A NAB special prosecutor contended that the entire process for the bidding was carried out in violation of the rules and regulations and some of the accused had admitted that violations were made but they are leveling allegations against other accused.

The special prosecutor submitted that the petitioners in collusion with each other misappropriated a huge amount and caused a loss to the public exchequer and there was documentary evidence against them which proved the commission of offence.

A division bench of the SHC comprising Justice Mohammad Karim Khan Agha and Justice Zulfiqar Ali Sangi after hearing the arguments of the case observed that record reflected the procurement committee was constituted under the Rules 7 and 8 of the Sindh Public Procurement Rules 2010 wherein the petitioners, Kanasro, Memon, Azam and Daudpoto, were involved in the committee.

The high court observed that the petitioners issued the advertisement for the different works but as per the investigation conducted by NAB, the contracts were awarded to favourite bidders in violation of the rules and those companies were not registered with the SECP or the registrar of firms.

Further, the firms did not possess the required criteria as per what was prescribed and published in the newspapers.

The SHC observed that most of the petitioners were levelling allegations against each other and some of them admitted that they did not carry out any work but the company and the bank accounts were used by others while receiving the amounts from the government in place of the said contractors.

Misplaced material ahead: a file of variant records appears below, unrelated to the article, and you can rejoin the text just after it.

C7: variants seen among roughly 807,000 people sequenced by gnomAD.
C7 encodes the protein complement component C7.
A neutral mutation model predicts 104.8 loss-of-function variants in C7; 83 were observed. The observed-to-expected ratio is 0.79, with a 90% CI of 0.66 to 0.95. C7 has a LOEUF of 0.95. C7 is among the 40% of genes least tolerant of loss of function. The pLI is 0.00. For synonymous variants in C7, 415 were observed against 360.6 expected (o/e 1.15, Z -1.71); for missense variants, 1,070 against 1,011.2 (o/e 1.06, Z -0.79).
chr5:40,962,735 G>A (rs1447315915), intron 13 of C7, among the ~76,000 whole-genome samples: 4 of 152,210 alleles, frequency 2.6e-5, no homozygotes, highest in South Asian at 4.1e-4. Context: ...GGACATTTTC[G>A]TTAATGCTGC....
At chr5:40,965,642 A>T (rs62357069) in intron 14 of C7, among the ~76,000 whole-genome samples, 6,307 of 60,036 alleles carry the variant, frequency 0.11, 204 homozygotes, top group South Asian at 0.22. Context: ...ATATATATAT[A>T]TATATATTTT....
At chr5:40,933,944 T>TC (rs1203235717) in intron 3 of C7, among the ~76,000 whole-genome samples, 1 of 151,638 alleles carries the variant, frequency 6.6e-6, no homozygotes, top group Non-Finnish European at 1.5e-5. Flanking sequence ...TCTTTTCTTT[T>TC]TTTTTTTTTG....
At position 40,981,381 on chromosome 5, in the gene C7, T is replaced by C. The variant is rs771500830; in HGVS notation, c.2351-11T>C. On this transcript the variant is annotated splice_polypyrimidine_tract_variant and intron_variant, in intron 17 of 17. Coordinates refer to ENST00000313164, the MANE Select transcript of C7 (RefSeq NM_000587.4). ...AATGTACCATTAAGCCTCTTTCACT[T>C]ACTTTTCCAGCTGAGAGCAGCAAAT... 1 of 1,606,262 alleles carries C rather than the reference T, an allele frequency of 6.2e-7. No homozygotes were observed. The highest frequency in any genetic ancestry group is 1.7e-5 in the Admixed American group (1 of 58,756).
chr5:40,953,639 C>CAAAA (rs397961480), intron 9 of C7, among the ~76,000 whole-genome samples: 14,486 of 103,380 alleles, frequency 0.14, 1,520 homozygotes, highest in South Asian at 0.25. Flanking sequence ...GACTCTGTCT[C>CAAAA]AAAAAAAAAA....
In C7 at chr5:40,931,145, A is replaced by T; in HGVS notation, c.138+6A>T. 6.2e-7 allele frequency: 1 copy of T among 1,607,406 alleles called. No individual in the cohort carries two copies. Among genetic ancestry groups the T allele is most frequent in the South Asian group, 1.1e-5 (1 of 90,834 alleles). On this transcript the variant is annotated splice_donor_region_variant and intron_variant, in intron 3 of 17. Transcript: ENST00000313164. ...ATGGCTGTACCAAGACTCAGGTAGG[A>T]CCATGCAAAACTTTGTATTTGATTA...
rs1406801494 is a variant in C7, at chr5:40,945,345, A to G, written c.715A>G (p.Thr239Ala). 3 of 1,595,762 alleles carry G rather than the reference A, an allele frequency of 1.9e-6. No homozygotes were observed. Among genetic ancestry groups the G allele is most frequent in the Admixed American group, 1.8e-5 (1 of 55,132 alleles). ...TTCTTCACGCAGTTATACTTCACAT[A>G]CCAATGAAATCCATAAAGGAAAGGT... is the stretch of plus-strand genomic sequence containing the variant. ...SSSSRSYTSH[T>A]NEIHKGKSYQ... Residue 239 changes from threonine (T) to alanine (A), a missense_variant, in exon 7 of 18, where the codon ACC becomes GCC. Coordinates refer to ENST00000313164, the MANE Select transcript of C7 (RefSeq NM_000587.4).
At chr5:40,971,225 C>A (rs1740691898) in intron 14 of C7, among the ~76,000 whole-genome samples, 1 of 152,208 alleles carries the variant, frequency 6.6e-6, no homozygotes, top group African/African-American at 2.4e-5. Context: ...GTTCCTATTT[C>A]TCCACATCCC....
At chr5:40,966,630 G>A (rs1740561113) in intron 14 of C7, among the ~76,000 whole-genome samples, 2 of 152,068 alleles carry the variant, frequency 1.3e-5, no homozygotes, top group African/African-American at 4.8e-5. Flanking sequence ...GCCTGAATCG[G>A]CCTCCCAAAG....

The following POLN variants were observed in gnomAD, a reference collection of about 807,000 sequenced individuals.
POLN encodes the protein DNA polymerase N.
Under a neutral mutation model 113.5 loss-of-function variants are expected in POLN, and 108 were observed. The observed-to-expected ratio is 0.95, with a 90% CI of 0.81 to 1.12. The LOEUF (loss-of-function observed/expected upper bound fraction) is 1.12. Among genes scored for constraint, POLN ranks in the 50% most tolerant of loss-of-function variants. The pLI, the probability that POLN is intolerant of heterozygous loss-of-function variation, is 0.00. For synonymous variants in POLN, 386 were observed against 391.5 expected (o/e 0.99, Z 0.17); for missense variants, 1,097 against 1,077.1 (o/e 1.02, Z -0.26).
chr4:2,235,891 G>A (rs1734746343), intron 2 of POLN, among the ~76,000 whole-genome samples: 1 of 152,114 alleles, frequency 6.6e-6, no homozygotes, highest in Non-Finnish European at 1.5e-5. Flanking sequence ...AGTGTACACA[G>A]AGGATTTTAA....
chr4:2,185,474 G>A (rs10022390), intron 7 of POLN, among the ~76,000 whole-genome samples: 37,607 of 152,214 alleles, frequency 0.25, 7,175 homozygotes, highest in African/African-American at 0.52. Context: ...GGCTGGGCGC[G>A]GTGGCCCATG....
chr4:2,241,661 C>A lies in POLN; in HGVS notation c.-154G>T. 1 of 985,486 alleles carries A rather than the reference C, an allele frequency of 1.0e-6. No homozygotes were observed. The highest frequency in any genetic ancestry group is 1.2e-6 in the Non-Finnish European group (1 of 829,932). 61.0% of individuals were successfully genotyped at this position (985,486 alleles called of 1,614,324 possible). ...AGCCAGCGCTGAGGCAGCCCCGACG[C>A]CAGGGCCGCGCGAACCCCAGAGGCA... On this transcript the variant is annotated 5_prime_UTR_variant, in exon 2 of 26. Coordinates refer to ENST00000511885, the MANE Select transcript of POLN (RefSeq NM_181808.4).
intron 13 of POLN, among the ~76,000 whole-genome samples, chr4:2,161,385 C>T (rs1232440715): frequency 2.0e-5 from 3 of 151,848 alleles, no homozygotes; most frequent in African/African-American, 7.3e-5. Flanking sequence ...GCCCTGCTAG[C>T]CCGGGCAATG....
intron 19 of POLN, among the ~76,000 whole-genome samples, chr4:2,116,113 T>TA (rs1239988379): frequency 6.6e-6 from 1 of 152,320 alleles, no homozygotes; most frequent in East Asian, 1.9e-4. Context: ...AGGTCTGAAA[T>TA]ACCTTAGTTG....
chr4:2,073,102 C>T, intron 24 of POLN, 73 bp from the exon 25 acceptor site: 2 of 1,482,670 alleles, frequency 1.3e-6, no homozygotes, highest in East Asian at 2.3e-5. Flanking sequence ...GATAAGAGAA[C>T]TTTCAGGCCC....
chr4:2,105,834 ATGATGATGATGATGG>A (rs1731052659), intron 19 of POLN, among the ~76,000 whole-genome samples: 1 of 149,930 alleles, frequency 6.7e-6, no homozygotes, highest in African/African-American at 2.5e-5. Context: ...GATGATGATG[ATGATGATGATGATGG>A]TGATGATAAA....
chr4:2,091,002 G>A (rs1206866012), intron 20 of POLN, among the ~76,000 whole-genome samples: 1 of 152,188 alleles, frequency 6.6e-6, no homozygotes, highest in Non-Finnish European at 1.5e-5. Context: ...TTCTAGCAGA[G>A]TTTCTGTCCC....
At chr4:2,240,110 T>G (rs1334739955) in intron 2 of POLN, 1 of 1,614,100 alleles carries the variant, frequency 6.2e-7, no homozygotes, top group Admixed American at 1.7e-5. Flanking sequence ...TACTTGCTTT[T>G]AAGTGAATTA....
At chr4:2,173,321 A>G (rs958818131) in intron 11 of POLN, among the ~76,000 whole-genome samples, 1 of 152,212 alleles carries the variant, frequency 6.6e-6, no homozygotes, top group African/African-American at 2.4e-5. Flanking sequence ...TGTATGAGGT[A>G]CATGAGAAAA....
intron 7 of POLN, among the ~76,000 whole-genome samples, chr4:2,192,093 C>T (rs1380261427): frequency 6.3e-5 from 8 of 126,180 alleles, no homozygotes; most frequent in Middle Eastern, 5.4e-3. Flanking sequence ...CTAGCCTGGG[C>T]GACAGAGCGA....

The high court observed that it was to be decided by the trial court after recording evidence of the witnesses that who misappropriated the alleged amount and the SHC had no jurisdiction to decide the same by exercising extraordinary constitutional jurisdiction.

The bench observed that the relief claimed by the petitioners through the instant petitions was a relief for which no provision existed in the relevant laws for which the petitioners were charged and only invoking extraordinary constitutional jurisdiction, the high court could grant this relief in rare and exceptional circumstances for valid reasons to be recorded in writing.

The SHC observed that the petitioners were seeking pre-arrest bail however that could not be granted unless there had been mala fide intent on part of the complainant or the investigating agency.

The bench observed that while deciding the bail petitions, an elaborate sifting of evidence could not be made but only a tentative assessment was permissible and a cursory glance of the record showed that all the petitioners in connivance with each other had misappropriated a huge amount of money from the government from which some amount was recovered through plea bargains.

The SHC observed that under these circumstances, the interim pre-arrest bail granted to all the petitioners earlier by the court was recalled with immediate effect.

The bench observed that another petitioner Shahenshah Hussain was seeking post-arrest bail and there were sufficient evidence against him which connected him to the commission of the offence and therefore his petition for post-arrest bail was also dismissed.